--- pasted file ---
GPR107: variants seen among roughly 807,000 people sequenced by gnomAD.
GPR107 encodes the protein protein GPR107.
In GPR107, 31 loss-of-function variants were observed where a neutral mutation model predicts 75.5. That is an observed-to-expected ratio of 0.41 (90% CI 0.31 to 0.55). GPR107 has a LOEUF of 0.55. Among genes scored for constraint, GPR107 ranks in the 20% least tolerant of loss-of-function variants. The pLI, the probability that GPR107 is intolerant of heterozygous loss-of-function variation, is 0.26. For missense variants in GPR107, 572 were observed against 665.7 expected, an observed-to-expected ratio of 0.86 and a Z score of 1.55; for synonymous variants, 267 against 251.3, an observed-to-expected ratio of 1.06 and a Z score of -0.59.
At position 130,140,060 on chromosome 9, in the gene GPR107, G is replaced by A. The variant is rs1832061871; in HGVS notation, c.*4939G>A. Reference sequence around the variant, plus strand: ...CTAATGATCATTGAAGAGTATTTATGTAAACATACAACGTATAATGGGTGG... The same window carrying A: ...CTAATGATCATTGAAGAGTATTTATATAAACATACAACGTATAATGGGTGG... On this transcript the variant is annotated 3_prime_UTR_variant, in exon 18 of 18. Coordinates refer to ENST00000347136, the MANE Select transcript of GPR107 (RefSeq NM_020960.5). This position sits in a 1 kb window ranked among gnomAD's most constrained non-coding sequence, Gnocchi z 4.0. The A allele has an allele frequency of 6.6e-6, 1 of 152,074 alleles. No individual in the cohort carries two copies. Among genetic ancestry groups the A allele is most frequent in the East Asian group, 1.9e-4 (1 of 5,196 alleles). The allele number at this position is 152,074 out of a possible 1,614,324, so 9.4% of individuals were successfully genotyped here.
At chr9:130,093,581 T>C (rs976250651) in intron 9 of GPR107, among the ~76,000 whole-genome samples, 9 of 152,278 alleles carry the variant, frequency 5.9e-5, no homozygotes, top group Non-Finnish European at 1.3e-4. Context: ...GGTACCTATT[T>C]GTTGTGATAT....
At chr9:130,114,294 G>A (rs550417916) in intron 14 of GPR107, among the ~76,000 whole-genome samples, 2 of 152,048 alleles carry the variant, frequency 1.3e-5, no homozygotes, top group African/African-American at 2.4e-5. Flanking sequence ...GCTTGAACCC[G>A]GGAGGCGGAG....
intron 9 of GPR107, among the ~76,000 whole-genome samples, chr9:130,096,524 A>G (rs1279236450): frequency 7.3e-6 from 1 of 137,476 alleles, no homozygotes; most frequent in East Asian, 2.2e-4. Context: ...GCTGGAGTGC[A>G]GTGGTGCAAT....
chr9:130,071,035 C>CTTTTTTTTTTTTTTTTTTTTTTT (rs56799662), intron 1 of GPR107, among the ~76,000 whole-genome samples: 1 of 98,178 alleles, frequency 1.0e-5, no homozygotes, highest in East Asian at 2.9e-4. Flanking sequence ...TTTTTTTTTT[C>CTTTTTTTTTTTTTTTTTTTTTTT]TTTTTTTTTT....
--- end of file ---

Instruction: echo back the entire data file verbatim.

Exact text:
GPR107: variants seen among roughly 807,000 people sequenced by gnomAD.
GPR107 encodes the protein protein GPR107.
In GPR107, 31 loss-of-function variants were observed where a neutral mutation model predicts 75.5. That is an observed-to-expected ratio of 0.41 (90% CI 0.31 to 0.55). GPR107 has a LOEUF of 0.55. Among genes scored for constraint, GPR107 ranks in the 20% least tolerant of loss-of-function variants. The pLI, the probability that GPR107 is intolerant of heterozygous loss-of-function variation, is 0.26. For missense variants in GPR107, 572 were observed against 665.7 expected, an observed-to-expected ratio of 0.86 and a Z score of 1.55; for synonymous variants, 267 against 251.3, an observed-to-expected ratio of 1.06 and a Z score of -0.59.
At position 130,140,060 on chromosome 9, in the gene GPR107, G is replaced by A. The variant is rs1832061871; in HGVS notation, c.*4939G>A. Reference sequence around the variant, plus strand: ...CTAATGATCATTGAAGAGTATTTATGTAAACATACAACGTATAATGGGTGG... The same window carrying A: ...CTAATGATCATTGAAGAGTATTTATATAAACATACAACGTATAATGGGTGG... On this transcript the variant is annotated 3_prime_UTR_variant, in exon 18 of 18. Coordinates refer to ENST00000347136, the MANE Select transcript of GPR107 (RefSeq NM_020960.5). This position sits in a 1 kb window ranked among gnomAD's most constrained non-coding sequence, Gnocchi z 4.0. The A allele has an allele frequency of 6.6e-6, 1 of 152,074 alleles. No individual in the cohort carries two copies. Among genetic ancestry groups the A allele is most frequent in the East Asian group, 1.9e-4 (1 of 5,196 alleles). The allele number at this position is 152,074 out of a possible 1,614,324, so 9.4% of individuals were successfully genotyped here.
At chr9:130,093,581 T>C (rs976250651) in intron 9 of GPR107, among the ~76,000 whole-genome samples, 9 of 152,278 alleles carry the variant, frequency 5.9e-5, no homozygotes, top group Non-Finnish European at 1.3e-4. Context: ...GGTACCTATT[T>C]GTTGTGATAT....
At chr9:130,114,294 G>A (rs550417916) in intron 14 of GPR107, among the ~76,000 whole-genome samples, 2 of 152,048 alleles carry the variant, frequency 1.3e-5, no homozygotes, top group African/African-American at 2.4e-5. Flanking sequence ...GCTTGAACCC[G>A]GGAGGCGGAG....
intron 9 of GPR107, among the ~76,000 whole-genome samples, chr9:130,096,524 A>G (rs1279236450): frequency 7.3e-6 from 1 of 137,476 alleles, no homozygotes; most frequent in East Asian, 2.2e-4. Context: ...GCTGGAGTGC[A>G]GTGGTGCAAT....
chr9:130,071,035 C>CTTTTTTTTTTTTTTTTTTTTTTT (rs56799662), intron 1 of GPR107, among the ~76,000 whole-genome samples: 1 of 98,178 alleles, frequency 1.0e-5, no homozygotes, highest in East Asian at 2.9e-4. Flanking sequence ...TTTTTTTTTT[C>CTTTTTTTTTTTTTTTTTTTTTTT]TTTTTTTTTT....